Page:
The lifespan of glow lamps is given as 5000 to 100,000 hours.


Beehive glow lamp with E27 socket, 2-3 watts

Large glow lamps were used for lighting purposes in buildings during the existing darkening obligation, for example, in the Second World War . Its electrodes consisted of a type 1 double helix that tapered towards the top and was fused into a common, general-purpose lamp glass bulb with an E27 Edison base . The series resistor was located in the base. The shape of the electrodes gave it the name beehive glow lamp . Their power was between two and four watts including series resistor. They were manufactured until the 1980s and can still be found in individual schools physics collections.

At the end of the 1930s, experiments were also carried out with the glow lamp as a rectifier . The rectifier effect is based on an asymmetrical shaping of the two discharge electrodes or on electrode coatings to reduce the cathode drop. The glow rectifier was not able to establish itself in practice because of its very poor ratio of forward to reverse current (<100: 1).

In the 1950s, using the negative differential resistance with the help of small glow lamps, various oscillator circuits were developed and used in combination with counting circuits and frequency dividers in the first electronic organs emerging at that time . Other applications were simple circuits as ignition generators in stroboscopic lamps .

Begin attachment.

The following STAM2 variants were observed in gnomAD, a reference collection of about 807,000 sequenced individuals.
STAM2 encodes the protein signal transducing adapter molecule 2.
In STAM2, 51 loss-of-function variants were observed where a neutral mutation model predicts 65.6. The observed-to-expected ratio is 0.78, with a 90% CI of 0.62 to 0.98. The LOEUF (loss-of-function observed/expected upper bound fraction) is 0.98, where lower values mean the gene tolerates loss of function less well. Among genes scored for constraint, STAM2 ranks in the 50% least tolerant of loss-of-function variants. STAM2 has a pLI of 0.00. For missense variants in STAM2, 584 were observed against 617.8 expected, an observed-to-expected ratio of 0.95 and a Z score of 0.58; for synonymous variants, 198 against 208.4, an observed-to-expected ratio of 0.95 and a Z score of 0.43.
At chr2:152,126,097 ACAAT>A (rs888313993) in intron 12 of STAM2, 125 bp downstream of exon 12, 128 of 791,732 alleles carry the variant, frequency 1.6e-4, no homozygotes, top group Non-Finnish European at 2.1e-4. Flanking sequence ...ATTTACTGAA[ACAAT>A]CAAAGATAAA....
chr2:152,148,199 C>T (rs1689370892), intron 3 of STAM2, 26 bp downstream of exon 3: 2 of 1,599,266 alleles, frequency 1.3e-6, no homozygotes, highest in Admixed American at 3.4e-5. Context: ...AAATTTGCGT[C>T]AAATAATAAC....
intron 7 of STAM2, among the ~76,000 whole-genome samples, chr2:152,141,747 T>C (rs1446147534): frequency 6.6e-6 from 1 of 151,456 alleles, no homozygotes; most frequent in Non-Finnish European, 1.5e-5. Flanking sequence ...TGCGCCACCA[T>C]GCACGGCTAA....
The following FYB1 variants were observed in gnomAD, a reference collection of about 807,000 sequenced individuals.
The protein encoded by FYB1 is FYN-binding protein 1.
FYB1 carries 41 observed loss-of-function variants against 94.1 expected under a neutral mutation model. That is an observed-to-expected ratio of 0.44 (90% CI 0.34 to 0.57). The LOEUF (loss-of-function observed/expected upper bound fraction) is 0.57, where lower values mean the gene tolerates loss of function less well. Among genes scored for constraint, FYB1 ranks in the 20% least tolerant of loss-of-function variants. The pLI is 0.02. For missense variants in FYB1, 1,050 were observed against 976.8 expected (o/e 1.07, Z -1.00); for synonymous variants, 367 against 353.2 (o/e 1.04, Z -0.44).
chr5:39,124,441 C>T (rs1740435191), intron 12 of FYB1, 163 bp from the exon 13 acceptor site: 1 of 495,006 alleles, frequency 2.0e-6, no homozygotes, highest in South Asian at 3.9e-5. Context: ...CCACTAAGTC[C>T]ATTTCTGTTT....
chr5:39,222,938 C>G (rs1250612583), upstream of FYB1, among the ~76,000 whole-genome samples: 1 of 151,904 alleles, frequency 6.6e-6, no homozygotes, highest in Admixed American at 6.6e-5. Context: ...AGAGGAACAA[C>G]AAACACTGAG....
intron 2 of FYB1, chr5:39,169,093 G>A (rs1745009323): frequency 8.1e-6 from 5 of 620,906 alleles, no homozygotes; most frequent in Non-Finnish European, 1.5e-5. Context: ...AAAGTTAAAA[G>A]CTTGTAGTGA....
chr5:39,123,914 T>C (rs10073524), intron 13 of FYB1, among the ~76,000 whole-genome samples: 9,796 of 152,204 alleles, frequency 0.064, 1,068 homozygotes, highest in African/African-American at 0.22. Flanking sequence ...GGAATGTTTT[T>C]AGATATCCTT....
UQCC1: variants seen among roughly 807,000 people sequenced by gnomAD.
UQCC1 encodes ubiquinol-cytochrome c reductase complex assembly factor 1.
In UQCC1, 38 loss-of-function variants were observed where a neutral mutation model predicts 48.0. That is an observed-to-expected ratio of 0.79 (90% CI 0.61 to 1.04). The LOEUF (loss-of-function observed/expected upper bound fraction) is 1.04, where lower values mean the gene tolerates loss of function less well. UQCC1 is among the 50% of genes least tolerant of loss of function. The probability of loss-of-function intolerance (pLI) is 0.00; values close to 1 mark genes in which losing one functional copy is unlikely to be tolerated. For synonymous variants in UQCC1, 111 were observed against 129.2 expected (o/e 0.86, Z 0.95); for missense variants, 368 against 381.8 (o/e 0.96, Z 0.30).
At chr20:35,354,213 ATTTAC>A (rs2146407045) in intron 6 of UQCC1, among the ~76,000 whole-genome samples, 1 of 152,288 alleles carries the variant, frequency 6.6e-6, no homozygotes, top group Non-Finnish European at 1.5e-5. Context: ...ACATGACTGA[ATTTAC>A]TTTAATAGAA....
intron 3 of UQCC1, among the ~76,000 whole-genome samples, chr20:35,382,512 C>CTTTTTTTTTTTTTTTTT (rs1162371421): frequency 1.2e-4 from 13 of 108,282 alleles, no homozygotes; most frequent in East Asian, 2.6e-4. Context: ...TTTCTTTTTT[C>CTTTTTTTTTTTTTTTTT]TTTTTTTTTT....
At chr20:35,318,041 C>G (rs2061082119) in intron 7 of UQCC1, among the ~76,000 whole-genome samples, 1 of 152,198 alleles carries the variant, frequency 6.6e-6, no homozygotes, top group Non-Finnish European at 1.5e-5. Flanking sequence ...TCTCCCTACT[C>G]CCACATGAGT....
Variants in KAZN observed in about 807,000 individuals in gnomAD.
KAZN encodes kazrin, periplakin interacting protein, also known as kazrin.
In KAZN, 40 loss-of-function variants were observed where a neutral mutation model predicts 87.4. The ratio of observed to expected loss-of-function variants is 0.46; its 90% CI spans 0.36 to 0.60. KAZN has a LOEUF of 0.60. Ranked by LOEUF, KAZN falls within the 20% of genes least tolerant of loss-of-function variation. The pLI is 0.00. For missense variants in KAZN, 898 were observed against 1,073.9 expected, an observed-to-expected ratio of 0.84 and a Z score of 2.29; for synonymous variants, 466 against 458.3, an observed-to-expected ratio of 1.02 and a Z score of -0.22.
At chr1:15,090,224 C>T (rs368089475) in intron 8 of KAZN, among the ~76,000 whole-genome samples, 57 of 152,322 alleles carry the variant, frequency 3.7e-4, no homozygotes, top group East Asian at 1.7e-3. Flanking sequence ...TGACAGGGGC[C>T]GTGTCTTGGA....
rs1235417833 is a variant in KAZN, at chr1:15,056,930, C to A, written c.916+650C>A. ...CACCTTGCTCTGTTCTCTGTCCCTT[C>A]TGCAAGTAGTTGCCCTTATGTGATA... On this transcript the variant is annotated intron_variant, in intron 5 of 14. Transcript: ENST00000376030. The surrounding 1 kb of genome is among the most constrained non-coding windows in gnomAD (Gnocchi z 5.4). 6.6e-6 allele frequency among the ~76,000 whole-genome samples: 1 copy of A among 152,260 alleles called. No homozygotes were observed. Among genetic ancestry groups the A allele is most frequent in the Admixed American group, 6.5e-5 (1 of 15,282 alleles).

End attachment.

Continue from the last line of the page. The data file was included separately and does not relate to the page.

In measuring and laboratory devices equipped with tubes, glow lamps were also used as voltage stabilizers in the range from about 80 to 500 V. These glow stabilizers are connected as shunt regulators and in some cases contain several discharge paths.

A special design with candle-like electrodes is known as a flicker candle . Further applications were digit display tubes - the so-called Nixie tubes - , counter tubes , voting and matrix displays . In these areas, glow lamps have been almost completely replaced by other technologies such as light-emitting diodes or vacuum fluorescent displays .


example description
NE2COLORED.JPG Socket-less glow lamps with rod-shaped electrodes and various types of gas fillings.